- Step 1: Conduct Market Research (Request for Information)
- Step 2: Determine the Requirements
- Step 3: Write the Draft RFP
- Step 4: Submit for Review (Government and/or Industry Review)
- Step 5: Finalize the RFP
- Step 6: Release to Public
Step 1: Conduct Market Research
Before initiating a procurement action, the Program Office must perform due diligence in assessing what products or services already exist. The purpose of market research is to ensure that the “best value” is identified for procurement actions greater than $100,000 throughout the acquisition process, from development throughout the lifecycle of the system.
Step 2: Determine Request for Proposal Requirements (RFP)
There are a variety of requirements that go into an RFP. The primary requirements are developed so that when meet they can meet the need of the intended user. The learn more about requirements development visit.
Step 3: How to Write a Request for Proposal (RFP)
The key to writing a good Request for Proposal is to start with all the information you will need. Before starting make sure the goals and objectives have been agreed to by att key stakeholders. Then make sure all requirements have been defined. Once both of these activities are complete you can start writing.
- Step 1: Form Your Team: The most important step is gathering the most knowledgeable and effective team members to write the proposal. The key players include the Program Manager (PM), who runs the actual project if awarded, and the RFP Manager who is responsible for executing the development process.
- Step 2: Develop Plan: A plan should address how the RFP Content (See Below of Government RFP Content) should be developed and the main requirements to achieve. The plan should list these proposal requirements in a Compliance Matrix. An effective plan that gives a timeline on when items are due and roles and responsibilities to all proposal team members.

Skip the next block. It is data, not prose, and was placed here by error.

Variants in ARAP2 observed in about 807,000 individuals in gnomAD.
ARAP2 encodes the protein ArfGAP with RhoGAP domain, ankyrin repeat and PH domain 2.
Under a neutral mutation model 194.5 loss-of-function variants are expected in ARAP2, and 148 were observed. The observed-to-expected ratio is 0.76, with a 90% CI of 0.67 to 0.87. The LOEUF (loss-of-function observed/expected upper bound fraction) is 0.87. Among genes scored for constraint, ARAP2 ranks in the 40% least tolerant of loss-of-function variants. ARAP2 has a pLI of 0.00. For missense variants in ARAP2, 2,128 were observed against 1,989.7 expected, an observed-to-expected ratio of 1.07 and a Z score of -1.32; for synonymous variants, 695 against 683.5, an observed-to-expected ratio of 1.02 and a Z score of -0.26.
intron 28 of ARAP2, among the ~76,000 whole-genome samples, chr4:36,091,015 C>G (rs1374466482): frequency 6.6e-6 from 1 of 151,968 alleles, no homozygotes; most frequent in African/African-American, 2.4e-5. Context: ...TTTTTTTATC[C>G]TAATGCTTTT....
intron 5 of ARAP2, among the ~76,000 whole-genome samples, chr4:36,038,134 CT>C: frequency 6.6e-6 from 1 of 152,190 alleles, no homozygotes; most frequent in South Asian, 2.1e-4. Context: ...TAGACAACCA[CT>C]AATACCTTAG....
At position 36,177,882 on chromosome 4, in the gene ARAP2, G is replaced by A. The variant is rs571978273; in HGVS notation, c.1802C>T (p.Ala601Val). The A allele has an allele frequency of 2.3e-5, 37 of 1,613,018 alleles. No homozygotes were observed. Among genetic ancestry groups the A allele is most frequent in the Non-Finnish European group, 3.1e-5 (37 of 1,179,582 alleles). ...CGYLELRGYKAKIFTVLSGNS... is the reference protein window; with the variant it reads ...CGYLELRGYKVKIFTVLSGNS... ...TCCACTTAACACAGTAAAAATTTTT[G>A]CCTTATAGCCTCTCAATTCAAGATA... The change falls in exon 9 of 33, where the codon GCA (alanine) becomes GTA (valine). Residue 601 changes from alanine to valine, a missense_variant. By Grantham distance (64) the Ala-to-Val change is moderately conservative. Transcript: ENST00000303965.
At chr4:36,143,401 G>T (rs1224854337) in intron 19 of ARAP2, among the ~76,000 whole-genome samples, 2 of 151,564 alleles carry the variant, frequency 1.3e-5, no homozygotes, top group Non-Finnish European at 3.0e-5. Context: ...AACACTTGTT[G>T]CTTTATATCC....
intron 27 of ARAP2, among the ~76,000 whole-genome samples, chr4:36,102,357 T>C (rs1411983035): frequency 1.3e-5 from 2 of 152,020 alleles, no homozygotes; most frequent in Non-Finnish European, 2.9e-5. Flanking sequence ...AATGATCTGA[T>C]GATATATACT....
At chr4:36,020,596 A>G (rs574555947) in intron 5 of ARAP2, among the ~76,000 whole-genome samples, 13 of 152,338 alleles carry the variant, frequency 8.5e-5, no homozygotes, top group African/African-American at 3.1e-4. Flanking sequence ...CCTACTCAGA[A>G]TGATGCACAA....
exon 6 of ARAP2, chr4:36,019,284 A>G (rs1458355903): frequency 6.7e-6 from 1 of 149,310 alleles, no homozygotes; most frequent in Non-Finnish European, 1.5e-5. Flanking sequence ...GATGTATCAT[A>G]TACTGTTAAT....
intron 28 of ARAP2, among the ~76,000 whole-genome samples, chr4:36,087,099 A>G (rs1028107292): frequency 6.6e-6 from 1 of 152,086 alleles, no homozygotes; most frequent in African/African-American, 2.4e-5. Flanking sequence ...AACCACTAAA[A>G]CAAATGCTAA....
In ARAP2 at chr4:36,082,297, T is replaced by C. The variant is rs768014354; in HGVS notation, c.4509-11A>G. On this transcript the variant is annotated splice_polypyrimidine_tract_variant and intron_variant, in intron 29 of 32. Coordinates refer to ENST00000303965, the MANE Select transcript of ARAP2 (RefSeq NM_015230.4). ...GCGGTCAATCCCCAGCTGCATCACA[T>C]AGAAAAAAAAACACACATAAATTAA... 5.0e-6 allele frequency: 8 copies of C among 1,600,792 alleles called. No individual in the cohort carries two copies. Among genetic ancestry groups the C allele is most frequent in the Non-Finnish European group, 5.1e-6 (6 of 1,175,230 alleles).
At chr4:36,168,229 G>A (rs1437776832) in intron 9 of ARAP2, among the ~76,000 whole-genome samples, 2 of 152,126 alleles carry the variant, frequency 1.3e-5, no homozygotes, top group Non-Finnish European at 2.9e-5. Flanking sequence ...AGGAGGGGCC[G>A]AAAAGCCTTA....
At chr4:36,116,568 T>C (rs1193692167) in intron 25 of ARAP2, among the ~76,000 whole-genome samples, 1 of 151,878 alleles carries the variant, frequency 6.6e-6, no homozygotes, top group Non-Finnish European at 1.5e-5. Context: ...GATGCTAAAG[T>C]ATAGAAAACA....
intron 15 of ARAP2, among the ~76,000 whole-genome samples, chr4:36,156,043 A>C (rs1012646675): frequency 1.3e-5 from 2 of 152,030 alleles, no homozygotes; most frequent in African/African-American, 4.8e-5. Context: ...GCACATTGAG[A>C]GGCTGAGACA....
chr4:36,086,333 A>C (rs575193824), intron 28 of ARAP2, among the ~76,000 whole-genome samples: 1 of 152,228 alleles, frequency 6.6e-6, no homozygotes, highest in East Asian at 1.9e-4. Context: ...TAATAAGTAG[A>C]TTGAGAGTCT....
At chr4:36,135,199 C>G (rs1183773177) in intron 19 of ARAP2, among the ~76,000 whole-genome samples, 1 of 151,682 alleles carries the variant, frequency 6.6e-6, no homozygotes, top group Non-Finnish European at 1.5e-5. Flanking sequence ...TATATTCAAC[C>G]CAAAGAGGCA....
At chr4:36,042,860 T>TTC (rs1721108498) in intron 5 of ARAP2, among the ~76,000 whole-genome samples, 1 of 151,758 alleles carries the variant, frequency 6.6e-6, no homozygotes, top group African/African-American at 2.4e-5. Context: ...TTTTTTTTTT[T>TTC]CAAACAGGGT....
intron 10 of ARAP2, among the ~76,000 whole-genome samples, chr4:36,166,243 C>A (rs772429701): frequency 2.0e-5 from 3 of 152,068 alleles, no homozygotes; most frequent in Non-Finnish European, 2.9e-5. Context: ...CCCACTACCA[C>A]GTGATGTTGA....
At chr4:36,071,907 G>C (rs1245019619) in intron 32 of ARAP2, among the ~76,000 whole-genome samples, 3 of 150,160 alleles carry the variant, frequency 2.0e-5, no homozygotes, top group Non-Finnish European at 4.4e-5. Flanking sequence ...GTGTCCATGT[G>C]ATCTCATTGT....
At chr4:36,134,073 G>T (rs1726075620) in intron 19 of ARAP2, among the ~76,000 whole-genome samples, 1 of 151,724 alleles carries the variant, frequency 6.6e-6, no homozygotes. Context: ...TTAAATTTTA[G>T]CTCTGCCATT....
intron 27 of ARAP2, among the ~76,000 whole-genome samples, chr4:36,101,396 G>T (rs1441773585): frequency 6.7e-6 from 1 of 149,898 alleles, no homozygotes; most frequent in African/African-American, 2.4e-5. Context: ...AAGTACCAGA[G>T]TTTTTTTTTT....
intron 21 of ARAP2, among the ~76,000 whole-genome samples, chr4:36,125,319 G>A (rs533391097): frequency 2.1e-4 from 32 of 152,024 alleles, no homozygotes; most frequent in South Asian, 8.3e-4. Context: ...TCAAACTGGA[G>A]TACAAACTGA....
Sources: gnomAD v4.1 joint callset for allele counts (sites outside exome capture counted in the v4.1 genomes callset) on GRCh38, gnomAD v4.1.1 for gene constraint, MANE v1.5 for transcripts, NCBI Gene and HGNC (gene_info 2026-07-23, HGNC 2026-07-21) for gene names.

- Step 3: Develop the Outline: Each section team leader is responsible for developing a Proposal Outline for the assigned proposal volume. This outline adds details to the High-Level Outline such as customer requirements, specific descriptions, Work Breakdown Structure (WBS), and administrative approach to each volume and section.
- Step 4: Prepare the First Draft: The first rough draft is prepared by team members and reviewed by each section manager.
- Step 5: Prepare the Second Draft: The second rough draft is prepared by team members and reviewed by the Project Manager.
- Step 6: Stakeholder Review: The RFP project manager should arrange to have stakeholders review the draft RFP. This review should be scheduled towards the end of the writing but should still provide sufficient time for the Red Team Review comments and recommendations to be evaluated and incorporated into the final draft RFP.
What is contained in a Government Request for Proposal (RFP)?
A government RFP should contain the following sections:
- Section A – Solicitation/Contract Form (SF-33)
- Section B – Supplies and Services and Prices/Costs
- Section C – Description/Specifications/Statement of Work
- Section D – Packaging and Marking
- Section E – Inspection and Acceptance
- Section F – Deliveries or Performance
- Section G – Contract Administration Data
- Section H – Special Contract Requirements
- Section I – Contract Clauses
- Section J – List of Attachments
- Section K – Representations, Certifications, and Other Statements of Offeror’s
- Section L – Instructions, Conditions, and Notices to Offeror’s
- Section M – Evaluation Factors for Award (unnecessary for sole-source acquisitions)
Other items that are included in a Government Request for Proposal (RFP) include:
- DD Form 254
- Work Breakdown Structure (WBS) (top 3 levels)
- Proposal Compliance Matrix
- Model Contract
- Government Furnished Equipment (GFE) List Attachment
- Bidders Library
Other information that must be included within a Government Request for Proposal (RFP)